Rising interest rate scenario
Rating agencies are bearish about companies operating with a high production mix in crude oil. Any additional downgrade of upstream stocks means stiffer rules for borrowing and a higher cost for debt raising. In a rising interest rate scenario, it can hurt upstream companies’ financials.
The current scenario signals that crude may remain below $40 for the next year. The break-even cost for US crude oil producers is ~$36.20. The costs only include the capital expenditure and operational expenditure. Rystad Energy compiled the data. It published the data on November 23, 2015.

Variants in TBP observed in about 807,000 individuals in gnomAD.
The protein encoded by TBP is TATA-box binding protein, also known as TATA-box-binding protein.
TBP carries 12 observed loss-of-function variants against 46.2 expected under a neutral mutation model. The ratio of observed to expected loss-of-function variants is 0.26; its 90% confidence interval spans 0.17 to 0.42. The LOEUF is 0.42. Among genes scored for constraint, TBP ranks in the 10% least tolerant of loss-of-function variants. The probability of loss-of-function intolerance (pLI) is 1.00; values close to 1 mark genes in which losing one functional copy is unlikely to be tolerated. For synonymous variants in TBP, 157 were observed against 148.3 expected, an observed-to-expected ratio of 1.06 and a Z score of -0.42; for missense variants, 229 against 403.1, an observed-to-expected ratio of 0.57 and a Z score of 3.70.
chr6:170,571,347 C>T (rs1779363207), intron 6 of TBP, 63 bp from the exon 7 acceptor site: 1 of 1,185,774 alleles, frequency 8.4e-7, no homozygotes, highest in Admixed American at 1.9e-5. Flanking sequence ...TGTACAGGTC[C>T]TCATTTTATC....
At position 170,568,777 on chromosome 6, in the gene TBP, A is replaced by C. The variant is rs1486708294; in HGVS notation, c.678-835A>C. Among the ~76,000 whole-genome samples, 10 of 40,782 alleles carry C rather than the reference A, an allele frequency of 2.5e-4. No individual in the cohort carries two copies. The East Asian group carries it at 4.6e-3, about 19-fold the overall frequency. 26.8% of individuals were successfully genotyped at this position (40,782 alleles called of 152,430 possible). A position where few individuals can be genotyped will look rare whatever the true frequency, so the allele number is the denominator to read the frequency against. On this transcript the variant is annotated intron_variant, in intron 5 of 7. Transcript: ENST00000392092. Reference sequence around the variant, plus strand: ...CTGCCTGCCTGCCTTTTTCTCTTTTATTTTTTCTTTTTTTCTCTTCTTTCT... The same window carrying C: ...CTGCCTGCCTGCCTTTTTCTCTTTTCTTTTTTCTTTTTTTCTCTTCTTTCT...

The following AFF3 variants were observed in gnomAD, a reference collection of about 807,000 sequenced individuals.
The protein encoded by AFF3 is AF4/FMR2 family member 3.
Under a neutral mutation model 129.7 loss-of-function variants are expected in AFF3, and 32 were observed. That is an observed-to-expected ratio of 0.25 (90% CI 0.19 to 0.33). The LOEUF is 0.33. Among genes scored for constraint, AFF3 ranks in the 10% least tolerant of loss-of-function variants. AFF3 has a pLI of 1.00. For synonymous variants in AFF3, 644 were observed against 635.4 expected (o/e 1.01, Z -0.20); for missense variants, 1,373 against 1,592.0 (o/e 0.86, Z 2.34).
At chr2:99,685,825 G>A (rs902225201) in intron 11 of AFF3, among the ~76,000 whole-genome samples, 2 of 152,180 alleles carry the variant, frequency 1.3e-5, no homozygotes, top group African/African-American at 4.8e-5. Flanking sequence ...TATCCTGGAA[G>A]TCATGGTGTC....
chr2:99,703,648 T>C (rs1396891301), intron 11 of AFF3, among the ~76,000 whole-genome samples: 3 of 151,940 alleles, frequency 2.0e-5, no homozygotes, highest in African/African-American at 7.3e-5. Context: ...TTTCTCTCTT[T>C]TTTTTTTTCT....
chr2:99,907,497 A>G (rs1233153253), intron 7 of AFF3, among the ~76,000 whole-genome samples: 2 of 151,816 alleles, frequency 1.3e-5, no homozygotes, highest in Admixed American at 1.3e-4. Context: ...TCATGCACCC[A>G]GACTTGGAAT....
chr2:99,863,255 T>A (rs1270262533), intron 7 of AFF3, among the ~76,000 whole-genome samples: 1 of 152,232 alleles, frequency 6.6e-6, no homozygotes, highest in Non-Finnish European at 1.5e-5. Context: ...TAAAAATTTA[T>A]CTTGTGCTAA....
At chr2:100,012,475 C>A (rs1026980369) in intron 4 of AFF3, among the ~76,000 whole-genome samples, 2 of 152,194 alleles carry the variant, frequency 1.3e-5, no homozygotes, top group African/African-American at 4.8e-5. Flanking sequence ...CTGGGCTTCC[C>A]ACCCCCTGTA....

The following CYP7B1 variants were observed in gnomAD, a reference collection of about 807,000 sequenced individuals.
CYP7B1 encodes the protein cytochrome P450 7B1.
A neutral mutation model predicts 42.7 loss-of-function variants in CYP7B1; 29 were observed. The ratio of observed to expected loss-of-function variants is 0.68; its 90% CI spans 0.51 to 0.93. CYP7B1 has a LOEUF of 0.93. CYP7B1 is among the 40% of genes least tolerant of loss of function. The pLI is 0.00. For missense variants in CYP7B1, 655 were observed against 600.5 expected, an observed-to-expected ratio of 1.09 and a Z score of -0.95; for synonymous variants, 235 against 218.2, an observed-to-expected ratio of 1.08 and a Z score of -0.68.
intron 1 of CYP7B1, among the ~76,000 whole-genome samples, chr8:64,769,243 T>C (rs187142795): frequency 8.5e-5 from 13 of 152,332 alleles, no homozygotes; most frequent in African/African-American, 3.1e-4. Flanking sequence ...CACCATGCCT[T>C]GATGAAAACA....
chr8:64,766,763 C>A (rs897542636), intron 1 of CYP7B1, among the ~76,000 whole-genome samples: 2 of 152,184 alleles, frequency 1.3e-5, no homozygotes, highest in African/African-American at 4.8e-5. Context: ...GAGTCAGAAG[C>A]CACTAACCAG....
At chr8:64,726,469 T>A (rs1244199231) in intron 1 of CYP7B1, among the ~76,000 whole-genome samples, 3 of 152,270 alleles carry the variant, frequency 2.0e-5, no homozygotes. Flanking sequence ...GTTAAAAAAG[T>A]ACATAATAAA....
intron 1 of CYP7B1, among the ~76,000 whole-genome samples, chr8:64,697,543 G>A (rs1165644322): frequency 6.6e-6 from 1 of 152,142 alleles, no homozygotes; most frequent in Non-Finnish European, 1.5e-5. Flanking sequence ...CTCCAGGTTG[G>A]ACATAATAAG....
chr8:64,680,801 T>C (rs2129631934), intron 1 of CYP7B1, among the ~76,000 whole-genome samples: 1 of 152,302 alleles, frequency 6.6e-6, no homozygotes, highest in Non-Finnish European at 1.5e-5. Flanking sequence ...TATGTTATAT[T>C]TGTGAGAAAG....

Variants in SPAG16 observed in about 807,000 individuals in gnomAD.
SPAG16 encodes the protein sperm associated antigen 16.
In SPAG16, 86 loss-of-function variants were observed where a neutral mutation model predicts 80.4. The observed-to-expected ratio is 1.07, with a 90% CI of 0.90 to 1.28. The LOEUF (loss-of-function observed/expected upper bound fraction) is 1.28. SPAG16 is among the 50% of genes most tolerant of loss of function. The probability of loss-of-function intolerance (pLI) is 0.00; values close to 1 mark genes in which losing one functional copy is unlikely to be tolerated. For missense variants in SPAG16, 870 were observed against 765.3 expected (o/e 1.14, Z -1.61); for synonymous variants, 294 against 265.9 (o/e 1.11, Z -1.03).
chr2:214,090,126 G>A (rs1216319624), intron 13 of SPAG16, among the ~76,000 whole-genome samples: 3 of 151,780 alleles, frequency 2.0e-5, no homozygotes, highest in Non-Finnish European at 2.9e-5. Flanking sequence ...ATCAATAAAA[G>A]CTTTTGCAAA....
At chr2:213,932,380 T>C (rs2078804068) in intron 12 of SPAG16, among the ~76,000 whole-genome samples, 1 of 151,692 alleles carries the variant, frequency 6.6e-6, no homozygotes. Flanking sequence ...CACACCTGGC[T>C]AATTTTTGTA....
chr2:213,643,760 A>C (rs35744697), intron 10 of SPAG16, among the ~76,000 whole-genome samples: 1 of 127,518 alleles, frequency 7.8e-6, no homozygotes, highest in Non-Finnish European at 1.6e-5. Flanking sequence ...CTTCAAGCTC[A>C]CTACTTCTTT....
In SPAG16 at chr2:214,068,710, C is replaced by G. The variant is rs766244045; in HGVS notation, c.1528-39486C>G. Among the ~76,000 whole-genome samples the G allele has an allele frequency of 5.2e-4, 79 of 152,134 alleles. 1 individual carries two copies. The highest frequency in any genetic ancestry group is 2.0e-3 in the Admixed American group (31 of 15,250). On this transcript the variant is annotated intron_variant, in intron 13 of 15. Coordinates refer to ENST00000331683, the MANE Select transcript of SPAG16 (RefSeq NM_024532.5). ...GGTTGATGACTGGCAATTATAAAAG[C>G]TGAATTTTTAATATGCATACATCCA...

Weighted average cost of debt
Upstream companies have a weighted average cost of debt of around 2.9%. This is the highest among the Energy Select Sector SPDR ETF’s (XLE) subindustries. Upstream operators like Chesapeake Energy (CHK) and Range Resources (RRC) have weighted average costs of debt around 3.4% and 3.3%, respectively. On the extreme side, Pioneer Natural Resources (PXD) and Noble Energy (NBL) have weighted average costs of debt around 2.1% and 1.3%, respectively.
Integrated oil and gas have the lowest cost of debt at around 1.8%. It’s followed by the oil and gas equipment and services segment. Integrated companies ExxonMobil (XOM), Chevron (CVX), and Occidental Petroleum (OXY) have a cost of debt around 1.3%, 1.6%, and 2.5%, respectively. Integrated oil and gas have a weight of 35.4% in XLE.
In the next part, we’ll discuss different countries’ break-even cost for producing crude oil.